Do I Have to Answer Police Questions if I’ve been in an Accident?

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Car crash

If you have been involved in a traffic accident you need to report the matter to the police as soon as possible. Failing to report an accident can leave you facing criminal charges. If you are concerned that you may face legal repercussions if the accident is deemed to be due to negligence on your part, or you were under the influence of alcohol at the time, you may be hesitant about speaking to police before seeking legal advice.

Although in most circumstances police can’t legally make you answer questions there are a number of situations where you do have to provide information when requested. This is known as a form of demand. According to the Law Enforcement (Powers and Responsibilities) Act 2002, police are entitled to request the disclosure of the driver or any passengers’ identities if they believe that an indictable offence has been committed. This includes situations where an accident has occurred.

How do police issue a form of demand?

There is a certain procedure which police officers have to abide by when issuing a form of demand. This is laid out in Section 201 of the Law Enforcement (Powers and Responsibilities) Act 2002. When they are exercising their power to make a form of demand, there are certain requirements including:

  • If they are not in uniform they must provide evidence that they are police officers.
  • The officer must give his or her name and place of duty
  • Officers must provide a reason for issuing the form of demand
  • After making the request they must, as soon as is reasonably practicable, provide the person with a warning that they are required by law to comply with the request. If the person doesn’t comply after being given the first warning, the officer is required to give them a second warning that failure to comply is a criminal offence.

If police don’t provide the relevant warnings, or if they aren’t given at the right time in the process, in many cases a defendant can’t be convicted of failing to provide details.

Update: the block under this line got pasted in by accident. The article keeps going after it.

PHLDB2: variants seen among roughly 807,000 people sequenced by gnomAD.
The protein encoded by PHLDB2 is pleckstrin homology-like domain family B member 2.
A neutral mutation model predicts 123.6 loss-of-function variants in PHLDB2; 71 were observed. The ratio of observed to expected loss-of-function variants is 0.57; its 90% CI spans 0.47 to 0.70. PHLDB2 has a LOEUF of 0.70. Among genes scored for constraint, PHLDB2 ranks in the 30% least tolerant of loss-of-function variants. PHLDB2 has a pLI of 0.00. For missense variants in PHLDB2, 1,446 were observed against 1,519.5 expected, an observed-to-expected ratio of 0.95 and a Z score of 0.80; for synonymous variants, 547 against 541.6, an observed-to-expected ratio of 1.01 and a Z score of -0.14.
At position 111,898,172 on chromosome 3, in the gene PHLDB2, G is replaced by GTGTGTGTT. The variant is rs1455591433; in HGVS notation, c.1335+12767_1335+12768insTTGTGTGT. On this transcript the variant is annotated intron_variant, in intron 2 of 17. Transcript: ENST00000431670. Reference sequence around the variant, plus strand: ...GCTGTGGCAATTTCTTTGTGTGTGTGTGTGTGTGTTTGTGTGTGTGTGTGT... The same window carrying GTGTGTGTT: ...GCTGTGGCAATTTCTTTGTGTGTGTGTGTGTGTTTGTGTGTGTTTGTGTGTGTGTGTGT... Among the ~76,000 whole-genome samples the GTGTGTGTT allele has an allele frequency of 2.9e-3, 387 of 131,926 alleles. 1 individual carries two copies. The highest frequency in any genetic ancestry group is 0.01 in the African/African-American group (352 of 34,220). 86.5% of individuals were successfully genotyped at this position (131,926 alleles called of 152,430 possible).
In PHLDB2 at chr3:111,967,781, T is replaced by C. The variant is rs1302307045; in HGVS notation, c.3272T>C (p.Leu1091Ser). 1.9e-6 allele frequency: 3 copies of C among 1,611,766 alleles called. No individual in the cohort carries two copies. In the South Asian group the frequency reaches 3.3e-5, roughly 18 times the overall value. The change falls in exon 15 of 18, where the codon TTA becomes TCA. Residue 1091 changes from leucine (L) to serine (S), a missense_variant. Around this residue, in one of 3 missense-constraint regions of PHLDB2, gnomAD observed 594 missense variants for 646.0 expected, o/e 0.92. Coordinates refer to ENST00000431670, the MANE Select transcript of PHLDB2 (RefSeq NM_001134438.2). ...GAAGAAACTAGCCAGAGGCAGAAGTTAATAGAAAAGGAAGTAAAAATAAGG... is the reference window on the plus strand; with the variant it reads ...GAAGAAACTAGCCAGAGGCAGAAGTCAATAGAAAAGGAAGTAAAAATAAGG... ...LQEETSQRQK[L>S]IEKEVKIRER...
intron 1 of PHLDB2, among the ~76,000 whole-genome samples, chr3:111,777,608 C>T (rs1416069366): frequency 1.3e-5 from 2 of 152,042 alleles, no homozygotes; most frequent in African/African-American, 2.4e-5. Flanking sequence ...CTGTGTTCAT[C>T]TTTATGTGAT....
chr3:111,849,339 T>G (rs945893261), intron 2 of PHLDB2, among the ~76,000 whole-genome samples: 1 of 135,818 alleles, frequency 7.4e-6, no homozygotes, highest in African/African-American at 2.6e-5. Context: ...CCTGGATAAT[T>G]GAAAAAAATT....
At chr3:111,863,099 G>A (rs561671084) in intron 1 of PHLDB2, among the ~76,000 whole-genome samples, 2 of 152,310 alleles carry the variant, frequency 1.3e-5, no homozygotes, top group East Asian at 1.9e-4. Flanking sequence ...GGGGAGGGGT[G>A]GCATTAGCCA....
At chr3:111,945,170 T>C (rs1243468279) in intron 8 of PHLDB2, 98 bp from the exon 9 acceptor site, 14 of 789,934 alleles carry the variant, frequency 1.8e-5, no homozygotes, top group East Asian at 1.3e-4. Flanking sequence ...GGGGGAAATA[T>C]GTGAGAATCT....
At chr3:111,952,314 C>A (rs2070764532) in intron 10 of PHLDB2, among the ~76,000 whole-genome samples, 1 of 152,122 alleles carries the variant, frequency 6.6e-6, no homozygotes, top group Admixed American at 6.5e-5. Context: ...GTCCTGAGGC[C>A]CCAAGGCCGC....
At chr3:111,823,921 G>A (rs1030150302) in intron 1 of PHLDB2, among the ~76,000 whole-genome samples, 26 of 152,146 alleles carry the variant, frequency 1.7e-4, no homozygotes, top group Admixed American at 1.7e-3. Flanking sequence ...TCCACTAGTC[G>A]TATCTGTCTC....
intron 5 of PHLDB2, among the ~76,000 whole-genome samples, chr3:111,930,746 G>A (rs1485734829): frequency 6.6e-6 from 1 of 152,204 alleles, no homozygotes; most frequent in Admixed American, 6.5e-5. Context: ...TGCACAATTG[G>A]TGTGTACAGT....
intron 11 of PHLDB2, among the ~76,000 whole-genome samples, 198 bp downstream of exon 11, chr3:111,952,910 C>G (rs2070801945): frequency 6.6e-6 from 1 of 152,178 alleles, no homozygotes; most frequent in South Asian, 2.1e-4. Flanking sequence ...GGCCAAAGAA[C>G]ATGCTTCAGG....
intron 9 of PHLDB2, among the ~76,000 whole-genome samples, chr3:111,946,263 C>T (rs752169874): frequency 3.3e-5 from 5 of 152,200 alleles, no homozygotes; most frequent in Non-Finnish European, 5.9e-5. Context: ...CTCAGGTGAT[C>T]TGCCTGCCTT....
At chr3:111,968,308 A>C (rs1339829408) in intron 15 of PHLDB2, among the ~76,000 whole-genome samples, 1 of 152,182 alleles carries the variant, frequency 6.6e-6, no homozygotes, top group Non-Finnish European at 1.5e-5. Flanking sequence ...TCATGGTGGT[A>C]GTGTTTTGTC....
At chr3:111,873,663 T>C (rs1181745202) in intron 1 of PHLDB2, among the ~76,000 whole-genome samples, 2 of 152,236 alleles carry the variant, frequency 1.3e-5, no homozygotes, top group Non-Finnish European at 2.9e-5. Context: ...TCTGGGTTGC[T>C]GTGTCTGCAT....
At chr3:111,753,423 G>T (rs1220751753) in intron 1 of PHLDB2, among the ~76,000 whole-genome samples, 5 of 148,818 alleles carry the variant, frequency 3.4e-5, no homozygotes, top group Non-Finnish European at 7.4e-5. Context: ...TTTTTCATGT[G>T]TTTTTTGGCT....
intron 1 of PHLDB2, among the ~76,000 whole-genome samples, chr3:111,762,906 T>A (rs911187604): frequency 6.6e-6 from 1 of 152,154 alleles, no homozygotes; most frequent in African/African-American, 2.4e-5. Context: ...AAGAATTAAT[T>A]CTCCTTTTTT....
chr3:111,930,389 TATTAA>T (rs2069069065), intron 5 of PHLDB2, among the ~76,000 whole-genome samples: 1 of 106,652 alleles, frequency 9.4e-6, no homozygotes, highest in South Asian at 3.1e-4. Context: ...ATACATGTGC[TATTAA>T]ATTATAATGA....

What information do I have to give police?

If you have been issued with a form of demand you don’t have to answer all the police questions. You may wish to give only the necessary information and obtain legal advice before providing any more details about the event and the circumstances surrounding it.

It can be easy to make a mistake or give false information unintentionally when you are under pressure by police, especially if you have been involved in an accident.

Unfortunately police may use information you give them at the scene of the accident as evidence against you in the future.

If you have been given a form of demand by police you are required to give them your name and address and show them your driving licence if you were driving a vehicle at the time. You are also required to provide them with the identity of any passengers who were in the vehicle at the time of the accident or alleged offence. If you are not the owner of the vehicle you are required to provide details of the registered owner including their name and address.

If you have been involved in an accident you are also required by law to provide police with a brief explanation of what happened and give your name and address to the other driver for insurance purposes.

What information should I avoid giving police?

It’s a good idea to provide only the essential facts about the incident to the police. Avoid elaborating unnecessarily, making any admissions of guilt, or speculating as to the reason the accident took place. Remember that information you provide to police in the heat of the moment could come back to haunt you if the matter goes to court. Speak to an experienced, specialist traffic lawyer as soon as possible for advice, especially if you believe that you are likely to be charged with a traffic offence as a result of the accident.

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Ugur Nedim

Ugur Nedim

Ugur Nedim is an Accredited Criminal Law Specialist with 25 years of experience as a Criminal Defence Lawyer. He is the Principal of Sydney Criminal Lawyers®.

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